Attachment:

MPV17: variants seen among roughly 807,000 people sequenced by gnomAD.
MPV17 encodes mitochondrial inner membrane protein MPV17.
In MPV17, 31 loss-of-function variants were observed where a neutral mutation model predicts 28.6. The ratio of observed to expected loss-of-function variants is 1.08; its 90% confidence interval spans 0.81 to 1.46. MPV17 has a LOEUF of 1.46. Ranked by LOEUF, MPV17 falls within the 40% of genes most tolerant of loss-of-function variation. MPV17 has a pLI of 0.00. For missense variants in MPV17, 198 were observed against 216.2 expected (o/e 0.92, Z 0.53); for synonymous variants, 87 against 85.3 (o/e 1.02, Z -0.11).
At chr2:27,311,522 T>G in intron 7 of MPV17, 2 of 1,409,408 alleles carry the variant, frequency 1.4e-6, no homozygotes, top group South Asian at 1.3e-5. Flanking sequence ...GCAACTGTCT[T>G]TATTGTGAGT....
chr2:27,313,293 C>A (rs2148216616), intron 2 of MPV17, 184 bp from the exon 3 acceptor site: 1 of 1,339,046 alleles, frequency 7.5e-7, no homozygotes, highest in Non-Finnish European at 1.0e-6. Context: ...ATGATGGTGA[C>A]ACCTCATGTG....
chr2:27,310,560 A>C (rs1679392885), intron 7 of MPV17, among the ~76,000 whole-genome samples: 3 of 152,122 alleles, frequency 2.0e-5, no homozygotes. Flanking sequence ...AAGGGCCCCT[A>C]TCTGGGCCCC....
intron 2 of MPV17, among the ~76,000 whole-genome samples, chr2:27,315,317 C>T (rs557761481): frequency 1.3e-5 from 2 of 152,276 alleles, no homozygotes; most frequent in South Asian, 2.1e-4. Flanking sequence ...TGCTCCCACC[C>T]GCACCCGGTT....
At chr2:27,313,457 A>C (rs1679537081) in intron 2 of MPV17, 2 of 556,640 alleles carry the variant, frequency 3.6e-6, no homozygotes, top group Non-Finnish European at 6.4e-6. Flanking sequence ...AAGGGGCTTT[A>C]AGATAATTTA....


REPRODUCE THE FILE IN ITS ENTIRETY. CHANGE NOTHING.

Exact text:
MPV17: variants seen among roughly 807,000 people sequenced by gnomAD.
MPV17 encodes mitochondrial inner membrane protein MPV17.
In MPV17, 31 loss-of-function variants were observed where a neutral mutation model predicts 28.6. The ratio of observed to expected loss-of-function variants is 1.08; its 90% confidence interval spans 0.81 to 1.46. MPV17 has a LOEUF of 1.46. Ranked by LOEUF, MPV17 falls within the 40% of genes most tolerant of loss-of-function variation. MPV17 has a pLI of 0.00. For missense variants in MPV17, 198 were observed against 216.2 expected (o/e 0.92, Z 0.53); for synonymous variants, 87 against 85.3 (o/e 1.02, Z -0.11).
At chr2:27,311,522 T>G in intron 7 of MPV17, 2 of 1,409,408 alleles carry the variant, frequency 1.4e-6, no homozygotes, top group South Asian at 1.3e-5. Flanking sequence ...GCAACTGTCT[T>G]TATTGTGAGT....
chr2:27,313,293 C>A (rs2148216616), intron 2 of MPV17, 184 bp from the exon 3 acceptor site: 1 of 1,339,046 alleles, frequency 7.5e-7, no homozygotes, highest in Non-Finnish European at 1.0e-6. Context: ...ATGATGGTGA[C>A]ACCTCATGTG....
chr2:27,310,560 A>C (rs1679392885), intron 7 of MPV17, among the ~76,000 whole-genome samples: 3 of 152,122 alleles, frequency 2.0e-5, no homozygotes. Flanking sequence ...AAGGGCCCCT[A>C]TCTGGGCCCC....
intron 2 of MPV17, among the ~76,000 whole-genome samples, chr2:27,315,317 C>T (rs557761481): frequency 1.3e-5 from 2 of 152,276 alleles, no homozygotes; most frequent in South Asian, 2.1e-4. Flanking sequence ...TGCTCCCACC[C>T]GCACCCGGTT....
At chr2:27,313,457 A>C (rs1679537081) in intron 2 of MPV17, 2 of 556,640 alleles carry the variant, frequency 3.6e-6, no homozygotes, top group Non-Finnish European at 6.4e-6. Flanking sequence ...AAGGGGCTTT[A>C]AGATAATTTA....